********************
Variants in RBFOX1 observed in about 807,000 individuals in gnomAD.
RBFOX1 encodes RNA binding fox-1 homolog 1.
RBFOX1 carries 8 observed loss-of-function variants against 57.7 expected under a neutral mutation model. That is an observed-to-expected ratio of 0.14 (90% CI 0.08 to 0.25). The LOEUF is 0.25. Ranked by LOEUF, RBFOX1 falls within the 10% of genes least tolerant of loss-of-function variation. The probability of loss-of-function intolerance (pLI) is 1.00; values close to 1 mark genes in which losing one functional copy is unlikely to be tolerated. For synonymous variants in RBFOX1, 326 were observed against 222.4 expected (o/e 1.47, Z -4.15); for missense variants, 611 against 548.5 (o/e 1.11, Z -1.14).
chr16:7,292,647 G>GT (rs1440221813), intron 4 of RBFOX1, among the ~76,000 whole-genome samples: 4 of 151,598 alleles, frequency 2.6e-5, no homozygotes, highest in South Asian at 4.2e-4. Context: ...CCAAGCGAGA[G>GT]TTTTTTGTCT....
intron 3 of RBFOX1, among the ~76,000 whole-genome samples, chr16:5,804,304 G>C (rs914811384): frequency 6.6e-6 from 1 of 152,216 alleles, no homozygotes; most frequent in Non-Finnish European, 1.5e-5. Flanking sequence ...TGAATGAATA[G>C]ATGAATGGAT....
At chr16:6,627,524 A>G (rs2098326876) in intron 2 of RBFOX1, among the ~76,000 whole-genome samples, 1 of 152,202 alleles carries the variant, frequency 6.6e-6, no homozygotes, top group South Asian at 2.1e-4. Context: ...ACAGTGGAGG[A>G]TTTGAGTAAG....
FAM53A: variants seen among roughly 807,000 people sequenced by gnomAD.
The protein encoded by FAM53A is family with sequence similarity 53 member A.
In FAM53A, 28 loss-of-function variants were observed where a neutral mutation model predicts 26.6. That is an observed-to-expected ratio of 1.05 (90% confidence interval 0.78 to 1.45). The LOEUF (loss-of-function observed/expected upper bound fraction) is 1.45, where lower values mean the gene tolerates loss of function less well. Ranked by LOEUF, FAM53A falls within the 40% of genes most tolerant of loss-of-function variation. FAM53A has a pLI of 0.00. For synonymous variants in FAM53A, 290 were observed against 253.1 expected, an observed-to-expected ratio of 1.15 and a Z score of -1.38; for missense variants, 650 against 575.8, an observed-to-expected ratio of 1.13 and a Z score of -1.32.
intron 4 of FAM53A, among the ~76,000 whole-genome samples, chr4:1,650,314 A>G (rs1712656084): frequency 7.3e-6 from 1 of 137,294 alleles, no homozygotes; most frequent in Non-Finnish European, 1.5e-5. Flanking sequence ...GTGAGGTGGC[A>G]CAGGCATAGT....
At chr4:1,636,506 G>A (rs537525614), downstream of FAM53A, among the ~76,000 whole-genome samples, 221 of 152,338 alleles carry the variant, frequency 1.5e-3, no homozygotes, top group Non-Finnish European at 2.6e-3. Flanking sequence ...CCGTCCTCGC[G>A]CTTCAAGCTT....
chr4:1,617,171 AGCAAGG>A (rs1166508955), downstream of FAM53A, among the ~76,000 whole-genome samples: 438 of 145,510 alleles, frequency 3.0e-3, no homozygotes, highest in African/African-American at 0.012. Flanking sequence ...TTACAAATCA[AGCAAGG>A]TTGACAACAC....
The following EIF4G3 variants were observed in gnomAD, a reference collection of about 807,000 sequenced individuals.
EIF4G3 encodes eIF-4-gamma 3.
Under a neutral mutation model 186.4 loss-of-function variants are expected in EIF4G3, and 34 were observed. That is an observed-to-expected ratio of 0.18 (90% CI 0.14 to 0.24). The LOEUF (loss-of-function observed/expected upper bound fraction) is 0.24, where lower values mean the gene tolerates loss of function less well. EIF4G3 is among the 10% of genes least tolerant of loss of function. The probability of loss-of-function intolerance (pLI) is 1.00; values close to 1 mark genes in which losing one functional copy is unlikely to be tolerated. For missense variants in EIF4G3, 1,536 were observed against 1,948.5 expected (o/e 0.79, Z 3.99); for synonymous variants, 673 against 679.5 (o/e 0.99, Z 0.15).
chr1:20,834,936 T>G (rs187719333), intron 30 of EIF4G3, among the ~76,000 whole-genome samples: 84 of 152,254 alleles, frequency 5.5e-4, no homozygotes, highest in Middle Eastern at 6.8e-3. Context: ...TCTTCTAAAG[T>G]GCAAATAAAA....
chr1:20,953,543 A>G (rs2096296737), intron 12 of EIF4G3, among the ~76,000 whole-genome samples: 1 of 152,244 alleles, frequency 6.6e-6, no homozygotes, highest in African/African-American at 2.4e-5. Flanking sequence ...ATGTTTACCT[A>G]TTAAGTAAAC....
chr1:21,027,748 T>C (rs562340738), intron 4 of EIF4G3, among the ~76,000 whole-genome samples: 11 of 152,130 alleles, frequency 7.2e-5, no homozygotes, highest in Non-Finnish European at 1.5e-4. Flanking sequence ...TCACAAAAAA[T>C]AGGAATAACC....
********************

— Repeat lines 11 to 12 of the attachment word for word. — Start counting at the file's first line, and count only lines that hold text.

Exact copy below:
At chr4:1,636,506 G>A (rs537525614), downstream of FAM53A, among the ~76,000 whole-genome samples, 221 of 152,338 alleles carry the variant, frequency 1.5e-3, no homozygotes, top group Non-Finnish European at 2.6e-3. Flanking sequence ...CCGTCCTCGC[G>A]CTTCAAGCTT....
chr4:1,617,171 AGCAAGG>A (rs1166508955), downstream of FAM53A, among the ~76,000 whole-genome samples: 438 of 145,510 alleles, frequency 3.0e-3, no homozygotes, highest in African/African-American at 0.012. Flanking sequence ...TTACAAATCA[AGCAAGG>A]TTGACAACAC....